And please don’t let anyone tell you that you’ll change your mind when you first hold the baby. It does work for some people, but it doesn’t work for everyone.
The decision not to have children is, mostly, the less permanent one. Sure, if you’re a woman the point where it pretty much becomes permanent is a lot earlier, but you don’t have to close the door forever at age 18. None of us can predict the future that well. If you don’t feel that you want kids now then that’s fine.
The problem is not you. The problem is other people…
People are Weird.
Unless you tell them differently, people tend to assume that you’re broadly the same as them. Not wanting children is such a defining aspect of life choices that it can upset people’s notion of who you are. People can get weird about that.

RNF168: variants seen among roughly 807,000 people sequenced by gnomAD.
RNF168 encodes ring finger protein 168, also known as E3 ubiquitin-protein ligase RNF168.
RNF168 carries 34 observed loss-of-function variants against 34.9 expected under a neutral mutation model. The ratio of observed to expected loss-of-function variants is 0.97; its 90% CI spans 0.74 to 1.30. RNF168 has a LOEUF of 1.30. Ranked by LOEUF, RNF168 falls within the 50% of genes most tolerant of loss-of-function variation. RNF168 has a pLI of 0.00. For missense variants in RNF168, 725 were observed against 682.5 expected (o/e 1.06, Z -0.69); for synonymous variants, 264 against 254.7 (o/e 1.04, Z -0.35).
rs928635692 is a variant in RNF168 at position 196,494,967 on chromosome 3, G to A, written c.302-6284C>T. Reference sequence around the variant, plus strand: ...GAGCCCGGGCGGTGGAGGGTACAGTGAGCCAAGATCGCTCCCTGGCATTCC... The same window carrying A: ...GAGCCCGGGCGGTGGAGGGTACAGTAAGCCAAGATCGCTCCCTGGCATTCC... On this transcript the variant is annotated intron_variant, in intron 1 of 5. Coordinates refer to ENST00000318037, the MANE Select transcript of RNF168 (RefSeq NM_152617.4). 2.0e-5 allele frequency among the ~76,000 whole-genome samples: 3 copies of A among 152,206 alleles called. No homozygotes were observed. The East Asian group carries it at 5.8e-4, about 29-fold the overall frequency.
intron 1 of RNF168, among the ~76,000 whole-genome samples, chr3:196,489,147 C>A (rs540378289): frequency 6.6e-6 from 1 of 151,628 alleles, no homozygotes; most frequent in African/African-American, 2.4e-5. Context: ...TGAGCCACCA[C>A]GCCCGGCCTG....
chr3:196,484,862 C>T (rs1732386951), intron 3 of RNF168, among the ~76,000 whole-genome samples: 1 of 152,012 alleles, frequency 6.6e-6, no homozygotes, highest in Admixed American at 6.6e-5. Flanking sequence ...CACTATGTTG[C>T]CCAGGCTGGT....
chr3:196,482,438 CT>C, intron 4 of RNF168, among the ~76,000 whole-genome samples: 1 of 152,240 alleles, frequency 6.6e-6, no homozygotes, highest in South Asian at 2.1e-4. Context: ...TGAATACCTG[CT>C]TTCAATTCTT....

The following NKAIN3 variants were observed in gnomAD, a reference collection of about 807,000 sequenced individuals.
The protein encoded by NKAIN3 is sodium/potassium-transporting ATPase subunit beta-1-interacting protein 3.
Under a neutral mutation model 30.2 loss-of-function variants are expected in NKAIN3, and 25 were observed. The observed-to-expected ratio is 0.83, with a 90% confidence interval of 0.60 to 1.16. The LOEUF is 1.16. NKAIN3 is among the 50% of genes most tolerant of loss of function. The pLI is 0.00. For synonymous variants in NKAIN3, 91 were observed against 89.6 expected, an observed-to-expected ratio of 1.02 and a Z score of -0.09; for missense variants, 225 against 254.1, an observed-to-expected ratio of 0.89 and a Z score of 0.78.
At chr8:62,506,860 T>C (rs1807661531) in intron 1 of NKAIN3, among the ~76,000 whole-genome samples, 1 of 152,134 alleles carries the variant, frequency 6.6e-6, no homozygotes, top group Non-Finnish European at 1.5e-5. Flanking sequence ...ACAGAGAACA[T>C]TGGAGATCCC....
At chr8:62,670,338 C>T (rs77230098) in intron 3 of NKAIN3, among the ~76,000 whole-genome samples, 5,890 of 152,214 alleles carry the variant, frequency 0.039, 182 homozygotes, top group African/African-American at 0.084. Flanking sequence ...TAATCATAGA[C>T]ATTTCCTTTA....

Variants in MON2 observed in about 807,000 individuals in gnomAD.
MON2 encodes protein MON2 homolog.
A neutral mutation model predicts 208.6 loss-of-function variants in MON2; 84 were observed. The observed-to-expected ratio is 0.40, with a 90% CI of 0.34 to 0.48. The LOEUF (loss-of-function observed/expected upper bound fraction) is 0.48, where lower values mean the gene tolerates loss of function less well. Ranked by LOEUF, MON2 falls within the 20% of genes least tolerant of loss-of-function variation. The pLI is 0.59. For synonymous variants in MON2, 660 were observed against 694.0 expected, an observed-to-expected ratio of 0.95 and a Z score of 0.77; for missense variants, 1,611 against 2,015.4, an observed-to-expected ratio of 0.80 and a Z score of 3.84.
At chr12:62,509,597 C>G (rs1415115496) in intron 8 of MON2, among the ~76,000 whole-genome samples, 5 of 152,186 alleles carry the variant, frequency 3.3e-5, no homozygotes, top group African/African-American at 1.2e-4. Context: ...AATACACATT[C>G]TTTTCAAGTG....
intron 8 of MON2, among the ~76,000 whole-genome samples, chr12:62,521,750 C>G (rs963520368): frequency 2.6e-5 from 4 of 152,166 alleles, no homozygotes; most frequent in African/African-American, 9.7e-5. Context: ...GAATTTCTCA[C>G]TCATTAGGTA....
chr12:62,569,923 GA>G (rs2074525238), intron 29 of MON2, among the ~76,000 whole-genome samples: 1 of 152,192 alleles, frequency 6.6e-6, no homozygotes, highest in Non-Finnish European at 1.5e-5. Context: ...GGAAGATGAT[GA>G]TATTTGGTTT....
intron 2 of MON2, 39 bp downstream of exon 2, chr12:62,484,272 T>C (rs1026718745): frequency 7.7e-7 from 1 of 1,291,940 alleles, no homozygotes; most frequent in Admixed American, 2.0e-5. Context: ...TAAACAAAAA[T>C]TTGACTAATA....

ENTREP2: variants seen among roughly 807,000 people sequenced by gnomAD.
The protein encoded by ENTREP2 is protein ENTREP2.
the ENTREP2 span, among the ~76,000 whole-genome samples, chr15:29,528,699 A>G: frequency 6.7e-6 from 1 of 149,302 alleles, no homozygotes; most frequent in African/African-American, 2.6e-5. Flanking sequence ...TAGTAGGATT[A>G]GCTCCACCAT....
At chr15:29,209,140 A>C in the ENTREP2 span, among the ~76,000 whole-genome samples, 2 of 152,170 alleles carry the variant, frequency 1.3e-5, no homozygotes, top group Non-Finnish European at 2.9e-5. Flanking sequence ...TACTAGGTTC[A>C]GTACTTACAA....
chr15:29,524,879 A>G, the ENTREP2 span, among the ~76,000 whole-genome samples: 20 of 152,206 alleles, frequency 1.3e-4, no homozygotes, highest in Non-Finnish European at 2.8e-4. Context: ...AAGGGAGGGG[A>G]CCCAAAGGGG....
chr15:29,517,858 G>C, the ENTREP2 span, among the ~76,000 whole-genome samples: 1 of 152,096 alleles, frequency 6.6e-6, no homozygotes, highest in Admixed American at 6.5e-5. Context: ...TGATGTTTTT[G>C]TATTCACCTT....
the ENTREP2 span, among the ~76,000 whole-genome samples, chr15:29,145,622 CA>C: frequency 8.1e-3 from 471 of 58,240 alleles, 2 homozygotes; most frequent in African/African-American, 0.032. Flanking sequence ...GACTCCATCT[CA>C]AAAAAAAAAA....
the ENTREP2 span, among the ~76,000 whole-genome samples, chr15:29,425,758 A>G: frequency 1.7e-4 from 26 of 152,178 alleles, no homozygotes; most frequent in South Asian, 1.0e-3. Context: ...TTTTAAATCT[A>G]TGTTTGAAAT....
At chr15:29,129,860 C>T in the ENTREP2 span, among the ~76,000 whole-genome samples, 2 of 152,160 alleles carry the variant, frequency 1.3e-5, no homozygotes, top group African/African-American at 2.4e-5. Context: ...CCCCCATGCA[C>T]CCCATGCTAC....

Sometimes people choose their perception of you over who you actually are. They start trying to mould you to their perception, not the other way around. Or to put it another way, they’ll tell you you’re making a mistake and you’ll change your mind. This, clearly, is their problem, not yours.
Some people’s own visions of their lives, particularly those who want kids, can also involve you having kids. They expect you to run parallel lives, which can mean they feel betrayed. They’re betrayed by their own assumptions, but it doesn’t always come out like that. Again, not your problem.